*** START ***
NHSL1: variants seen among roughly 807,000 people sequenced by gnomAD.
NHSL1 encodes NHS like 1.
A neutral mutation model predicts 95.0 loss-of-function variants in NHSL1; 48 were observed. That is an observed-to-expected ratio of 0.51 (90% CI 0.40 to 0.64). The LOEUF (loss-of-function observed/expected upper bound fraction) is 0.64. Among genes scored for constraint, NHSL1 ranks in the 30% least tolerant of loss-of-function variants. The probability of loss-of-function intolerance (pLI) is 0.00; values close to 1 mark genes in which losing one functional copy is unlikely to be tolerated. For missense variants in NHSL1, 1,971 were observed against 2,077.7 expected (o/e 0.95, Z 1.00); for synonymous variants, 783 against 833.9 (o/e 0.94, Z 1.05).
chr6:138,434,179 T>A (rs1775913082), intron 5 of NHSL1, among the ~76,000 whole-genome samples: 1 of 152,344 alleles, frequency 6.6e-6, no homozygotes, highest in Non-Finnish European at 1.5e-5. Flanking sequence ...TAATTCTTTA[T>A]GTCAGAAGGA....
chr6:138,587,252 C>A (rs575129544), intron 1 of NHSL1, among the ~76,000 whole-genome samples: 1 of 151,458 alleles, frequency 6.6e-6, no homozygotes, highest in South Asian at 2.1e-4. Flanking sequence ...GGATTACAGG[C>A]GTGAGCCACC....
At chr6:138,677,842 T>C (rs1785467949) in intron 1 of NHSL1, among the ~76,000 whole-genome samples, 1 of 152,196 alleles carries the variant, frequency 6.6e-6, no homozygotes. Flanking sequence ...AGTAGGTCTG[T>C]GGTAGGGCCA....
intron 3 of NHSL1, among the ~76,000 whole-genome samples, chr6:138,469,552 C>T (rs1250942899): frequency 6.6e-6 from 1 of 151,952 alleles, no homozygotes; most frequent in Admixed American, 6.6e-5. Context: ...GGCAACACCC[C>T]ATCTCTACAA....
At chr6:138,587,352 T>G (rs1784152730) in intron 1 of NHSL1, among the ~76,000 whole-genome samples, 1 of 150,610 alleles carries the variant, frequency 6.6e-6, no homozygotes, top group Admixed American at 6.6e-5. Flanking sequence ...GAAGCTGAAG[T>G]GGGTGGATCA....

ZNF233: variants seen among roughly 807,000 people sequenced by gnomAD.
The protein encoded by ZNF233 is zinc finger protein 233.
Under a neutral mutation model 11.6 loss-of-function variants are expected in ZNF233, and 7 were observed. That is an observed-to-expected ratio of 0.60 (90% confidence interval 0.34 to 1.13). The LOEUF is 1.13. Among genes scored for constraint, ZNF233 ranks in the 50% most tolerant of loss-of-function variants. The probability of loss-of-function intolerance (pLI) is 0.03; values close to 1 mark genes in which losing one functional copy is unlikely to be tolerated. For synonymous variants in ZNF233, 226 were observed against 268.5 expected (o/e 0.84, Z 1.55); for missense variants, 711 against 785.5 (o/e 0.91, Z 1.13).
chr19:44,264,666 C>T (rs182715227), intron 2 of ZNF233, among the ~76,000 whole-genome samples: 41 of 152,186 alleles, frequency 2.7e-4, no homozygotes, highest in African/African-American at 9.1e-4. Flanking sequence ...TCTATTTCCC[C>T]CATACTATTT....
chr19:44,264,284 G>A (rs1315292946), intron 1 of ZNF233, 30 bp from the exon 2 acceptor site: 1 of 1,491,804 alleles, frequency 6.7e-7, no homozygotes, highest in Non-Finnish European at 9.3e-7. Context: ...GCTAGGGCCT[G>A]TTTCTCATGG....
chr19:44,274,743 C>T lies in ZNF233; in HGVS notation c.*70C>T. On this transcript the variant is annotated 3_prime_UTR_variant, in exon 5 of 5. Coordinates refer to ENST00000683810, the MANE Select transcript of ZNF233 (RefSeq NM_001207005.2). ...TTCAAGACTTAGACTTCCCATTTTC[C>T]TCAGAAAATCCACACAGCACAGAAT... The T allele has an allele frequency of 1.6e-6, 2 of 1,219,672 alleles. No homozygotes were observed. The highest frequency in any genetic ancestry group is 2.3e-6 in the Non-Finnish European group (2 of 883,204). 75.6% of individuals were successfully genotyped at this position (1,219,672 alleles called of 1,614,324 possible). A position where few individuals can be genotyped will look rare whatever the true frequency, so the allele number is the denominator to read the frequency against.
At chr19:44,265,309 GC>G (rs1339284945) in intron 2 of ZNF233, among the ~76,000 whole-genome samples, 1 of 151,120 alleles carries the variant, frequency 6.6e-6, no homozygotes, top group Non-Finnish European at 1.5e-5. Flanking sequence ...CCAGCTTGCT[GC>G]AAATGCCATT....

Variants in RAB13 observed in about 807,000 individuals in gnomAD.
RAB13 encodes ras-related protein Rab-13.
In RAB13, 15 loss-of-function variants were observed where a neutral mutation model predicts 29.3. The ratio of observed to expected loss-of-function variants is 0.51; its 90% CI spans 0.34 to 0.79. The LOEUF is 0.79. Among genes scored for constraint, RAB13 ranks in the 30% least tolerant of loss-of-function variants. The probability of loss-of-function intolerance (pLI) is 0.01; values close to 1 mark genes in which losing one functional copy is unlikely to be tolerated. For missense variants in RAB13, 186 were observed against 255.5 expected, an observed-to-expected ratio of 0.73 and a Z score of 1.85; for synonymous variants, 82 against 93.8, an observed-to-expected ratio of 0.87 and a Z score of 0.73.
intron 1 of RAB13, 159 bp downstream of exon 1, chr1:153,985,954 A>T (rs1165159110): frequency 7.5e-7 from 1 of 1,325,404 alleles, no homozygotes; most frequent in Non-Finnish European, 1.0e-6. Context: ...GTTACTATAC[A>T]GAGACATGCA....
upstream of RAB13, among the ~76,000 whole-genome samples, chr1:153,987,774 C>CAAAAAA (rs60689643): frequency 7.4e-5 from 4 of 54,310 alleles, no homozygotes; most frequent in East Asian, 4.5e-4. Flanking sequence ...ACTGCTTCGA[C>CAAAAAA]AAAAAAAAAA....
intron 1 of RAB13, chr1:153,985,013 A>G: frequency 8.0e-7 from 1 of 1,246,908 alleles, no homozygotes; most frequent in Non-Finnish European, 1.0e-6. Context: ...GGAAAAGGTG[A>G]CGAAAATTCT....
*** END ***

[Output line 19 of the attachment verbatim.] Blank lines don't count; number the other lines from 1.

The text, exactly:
intron 1 of RAB13, 159 bp downstream of exon 1, chr1:153,985,954 A>T (rs1165159110): frequency 7.5e-7 from 1 of 1,325,404 alleles, no homozygotes; most frequent in Non-Finnish European, 1.0e-6. Context: ...GTTACTATAC[A>T]GAGACATGCA....